But the government in "neutral" Turkmenistan can't tell its people because such a narrative runs contrary to the philosophy of positive neutrality. Turkmenistan's state media (the only media in the country) have not mentioned the problems with Iran. The statements from the Foreign Ministry, posted on the ministry's website, are unlikely to seen by Turkmenistan's citizens, who have limited opportunities to access the Internet and are unlikely to use such possibilities as exist to check their government's websites.

Caged In

Turkmen authorities have been telling the country's citizens for two decades that neutrality would make everyone their friend. Having to admit publicly that there has been a rift with a neighbor and partner Turkmen media has praised since the early 1990s would be difficult to explain.

Turkmen authorities have caged themselves in. Positive neutrality might be a means to avoid making enemies, but clearly it cannot resolve problems in which Turkmenistan itself is involved.

This is not the first example either. Neutrality failed to resolve a gas dispute with Russia in 2008 and 2009, and today Russia does not purchase any gas from Turkmenistan.

Neutrality has not prevented security problems across the border in northern Afghanistan from affecting the situation in Turkmenistan, one example being the sudden and unprecedented need to build up the military and spend state funds on massive amounts of new equipment.

But neutrality does make it impossible for the government to tell the people bad news that involves Turkmenistan, and this situation with Iran is just the latest example.

Iranian media have reported that power is being rerouted to alleviate the situation in northeastern Iran. Some officials go so far as to say that Iran can totally compensate for the power being lost due to the "suspension" of Turkmen gas supplies. This episode has given new impetus to projects already under way to provide northeastern Iran with domestic sources of power, ending forever the need to buy gas from Turkmenistan.

Turkmenistan has only two customers for its gas: Iran and China.

And Turkmenistan might have just lost Iran as a customer, but that can't be explained by neutrality, so the Turkmen government can't tell its people about it.

RFE/RL's Turkmen Service, known locally as Azatlyk, and my colleague and Iranian specialist Golnaz Esfandiari contributed to this report.

The views expressed in this blog post do not necessarily reflect the views of RFE/RL.

Salimbay Abdullaev, the new deputy chief of Uzbekistan's National Olympic Committee, wears a T-shirt bearing the face of Shavkat Mirziyaev that says "My President."

Uzbekistan unveiled new measures to combat corruption on January 4, seemingly a good sign for the new government of President Shavkat Mirziyaev. But then, on January 6, Salimbay Abdullaev, reputedly one of the leading figures in Uzbekistan’s organized crime world, was appointed deputy chief of the country’s National Olympic Committee.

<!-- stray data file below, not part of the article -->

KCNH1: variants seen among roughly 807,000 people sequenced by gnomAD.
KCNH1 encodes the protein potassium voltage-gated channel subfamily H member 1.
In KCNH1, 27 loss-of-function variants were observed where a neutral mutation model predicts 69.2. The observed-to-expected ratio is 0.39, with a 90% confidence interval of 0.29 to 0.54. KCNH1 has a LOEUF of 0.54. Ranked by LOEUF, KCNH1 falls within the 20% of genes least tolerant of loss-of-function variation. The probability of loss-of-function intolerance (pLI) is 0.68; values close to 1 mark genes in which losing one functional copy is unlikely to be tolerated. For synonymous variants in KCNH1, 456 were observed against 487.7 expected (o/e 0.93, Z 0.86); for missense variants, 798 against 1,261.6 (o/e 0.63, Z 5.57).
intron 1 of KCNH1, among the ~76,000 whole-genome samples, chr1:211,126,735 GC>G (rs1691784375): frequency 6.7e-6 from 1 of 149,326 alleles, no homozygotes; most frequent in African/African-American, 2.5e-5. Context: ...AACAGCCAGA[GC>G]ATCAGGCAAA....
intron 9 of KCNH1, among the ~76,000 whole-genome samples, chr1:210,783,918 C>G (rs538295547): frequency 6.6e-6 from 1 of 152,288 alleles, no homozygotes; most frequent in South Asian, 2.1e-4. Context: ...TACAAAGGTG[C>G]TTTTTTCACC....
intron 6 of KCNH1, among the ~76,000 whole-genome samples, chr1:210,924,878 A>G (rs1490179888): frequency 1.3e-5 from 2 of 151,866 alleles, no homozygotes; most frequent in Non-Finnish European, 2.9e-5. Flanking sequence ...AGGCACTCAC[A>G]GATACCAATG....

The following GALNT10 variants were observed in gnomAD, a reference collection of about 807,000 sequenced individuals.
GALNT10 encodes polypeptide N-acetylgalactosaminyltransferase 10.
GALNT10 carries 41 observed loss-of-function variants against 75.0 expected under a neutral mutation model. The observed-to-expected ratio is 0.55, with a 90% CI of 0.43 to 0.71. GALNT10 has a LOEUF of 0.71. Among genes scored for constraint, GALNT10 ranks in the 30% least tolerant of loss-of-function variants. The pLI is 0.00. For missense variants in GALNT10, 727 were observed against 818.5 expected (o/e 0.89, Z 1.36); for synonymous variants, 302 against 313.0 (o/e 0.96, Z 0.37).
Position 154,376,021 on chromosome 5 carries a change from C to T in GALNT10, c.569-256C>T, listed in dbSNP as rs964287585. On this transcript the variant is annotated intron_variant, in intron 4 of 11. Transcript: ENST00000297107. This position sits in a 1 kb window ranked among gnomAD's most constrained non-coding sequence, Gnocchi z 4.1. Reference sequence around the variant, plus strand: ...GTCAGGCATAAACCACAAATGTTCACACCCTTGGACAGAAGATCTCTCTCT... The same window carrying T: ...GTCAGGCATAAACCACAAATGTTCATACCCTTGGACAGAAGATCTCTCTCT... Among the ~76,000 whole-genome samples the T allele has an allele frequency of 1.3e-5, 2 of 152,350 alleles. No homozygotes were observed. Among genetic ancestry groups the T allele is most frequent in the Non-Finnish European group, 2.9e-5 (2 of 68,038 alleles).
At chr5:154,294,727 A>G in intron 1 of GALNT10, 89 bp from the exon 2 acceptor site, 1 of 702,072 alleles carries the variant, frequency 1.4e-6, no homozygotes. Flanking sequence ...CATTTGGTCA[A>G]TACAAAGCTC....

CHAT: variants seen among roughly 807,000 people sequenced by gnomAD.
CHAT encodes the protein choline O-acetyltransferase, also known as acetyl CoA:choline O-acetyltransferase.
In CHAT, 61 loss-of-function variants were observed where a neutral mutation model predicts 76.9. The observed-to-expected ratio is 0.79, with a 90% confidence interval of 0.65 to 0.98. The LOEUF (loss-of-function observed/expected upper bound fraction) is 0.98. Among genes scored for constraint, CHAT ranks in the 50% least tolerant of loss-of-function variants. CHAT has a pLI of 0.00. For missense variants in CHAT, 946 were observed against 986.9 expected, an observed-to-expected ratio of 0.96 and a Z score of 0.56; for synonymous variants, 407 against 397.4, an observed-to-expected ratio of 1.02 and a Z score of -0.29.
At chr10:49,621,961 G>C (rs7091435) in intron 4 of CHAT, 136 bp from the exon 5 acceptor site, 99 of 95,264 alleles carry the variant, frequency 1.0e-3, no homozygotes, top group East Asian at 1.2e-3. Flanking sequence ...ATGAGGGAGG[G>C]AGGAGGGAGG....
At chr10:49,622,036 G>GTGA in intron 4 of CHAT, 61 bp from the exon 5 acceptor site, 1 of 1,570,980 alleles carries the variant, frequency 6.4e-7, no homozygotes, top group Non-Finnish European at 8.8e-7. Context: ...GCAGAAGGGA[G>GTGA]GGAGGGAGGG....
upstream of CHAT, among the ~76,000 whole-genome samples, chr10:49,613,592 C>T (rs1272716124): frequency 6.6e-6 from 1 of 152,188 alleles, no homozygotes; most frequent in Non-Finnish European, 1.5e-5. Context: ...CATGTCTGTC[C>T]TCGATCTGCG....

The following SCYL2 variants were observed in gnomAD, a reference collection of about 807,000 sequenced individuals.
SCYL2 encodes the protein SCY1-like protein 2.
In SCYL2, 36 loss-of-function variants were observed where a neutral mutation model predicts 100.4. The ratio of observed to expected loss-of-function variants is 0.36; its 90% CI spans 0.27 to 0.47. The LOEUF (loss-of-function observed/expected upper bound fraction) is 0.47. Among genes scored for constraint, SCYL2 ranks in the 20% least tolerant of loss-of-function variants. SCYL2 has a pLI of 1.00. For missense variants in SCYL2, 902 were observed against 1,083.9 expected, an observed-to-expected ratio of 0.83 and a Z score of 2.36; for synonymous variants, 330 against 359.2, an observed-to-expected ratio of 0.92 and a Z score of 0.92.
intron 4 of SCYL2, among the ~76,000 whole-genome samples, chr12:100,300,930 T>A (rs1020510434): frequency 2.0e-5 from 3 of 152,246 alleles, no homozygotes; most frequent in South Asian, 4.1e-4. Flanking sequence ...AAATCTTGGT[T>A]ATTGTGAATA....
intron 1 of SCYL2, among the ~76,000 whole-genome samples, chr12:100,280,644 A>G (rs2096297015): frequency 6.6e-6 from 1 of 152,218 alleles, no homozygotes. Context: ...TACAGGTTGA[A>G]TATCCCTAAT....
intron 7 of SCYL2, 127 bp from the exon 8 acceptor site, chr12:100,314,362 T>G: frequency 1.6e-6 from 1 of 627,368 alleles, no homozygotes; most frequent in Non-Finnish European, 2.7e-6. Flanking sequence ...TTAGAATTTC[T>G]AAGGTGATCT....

Mirziyaev has made other controversial appointments and some other notable figures who had fallen from grace under former President Islam Karimov have also seen their fortunes rise since the new leader took over.

For those hoping Uzbekistan’s government would embark on a path of reform that would finally enable the country to start realizing its potential, these are discouraging signals.

So let’s look at who’s in and who got out.

Abdullaev is known through Uzbekistan as a powerful figure.
Abdullaev is known through Uzbekistan as a powerful figure.

Salimbay Abdullaev

Abdullaev, 62, says he is just a businessman, a successful businessman. He was a top wrestler and has always remained connected to the sports world, which makes him a suitable candidate for Uzbekistan’s Olympic Committee.

But when Abdullaev is mentioned in articles (outside of Uzbekistan, that is), there is invariably a reference to his alleged role as an underworld boss, a charge Abdullaev denies.

Whatever his business, he is known in Uzbekistan as a powerful figure, someone you don’t mess with. Prior to Mirziyaev’s election as president on December 4, 2016, a photograph circulated widely of Abdullaev wearing a T-shirt bearing Mirziyaev’s photograph with the words "My President" written on it.

Aripov is Uzbekistan's new prime minister.
Aripov is Uzbekistan's new prime minister.

Abdulla Aripov

Uzbekistan’s new prime minister, as of December 14, 2016, is Abdulla Aripov. Very shortly after he became interim president in September 2016, Mirziyaev appointed Aripov to be deputy prime minister in charge of youth affairs, culture, and information systems and telecommunications.

That was essentially the same position Aripov had occupied before. Aripov was in charge of information systems and telecommunications from 2002 to 2012.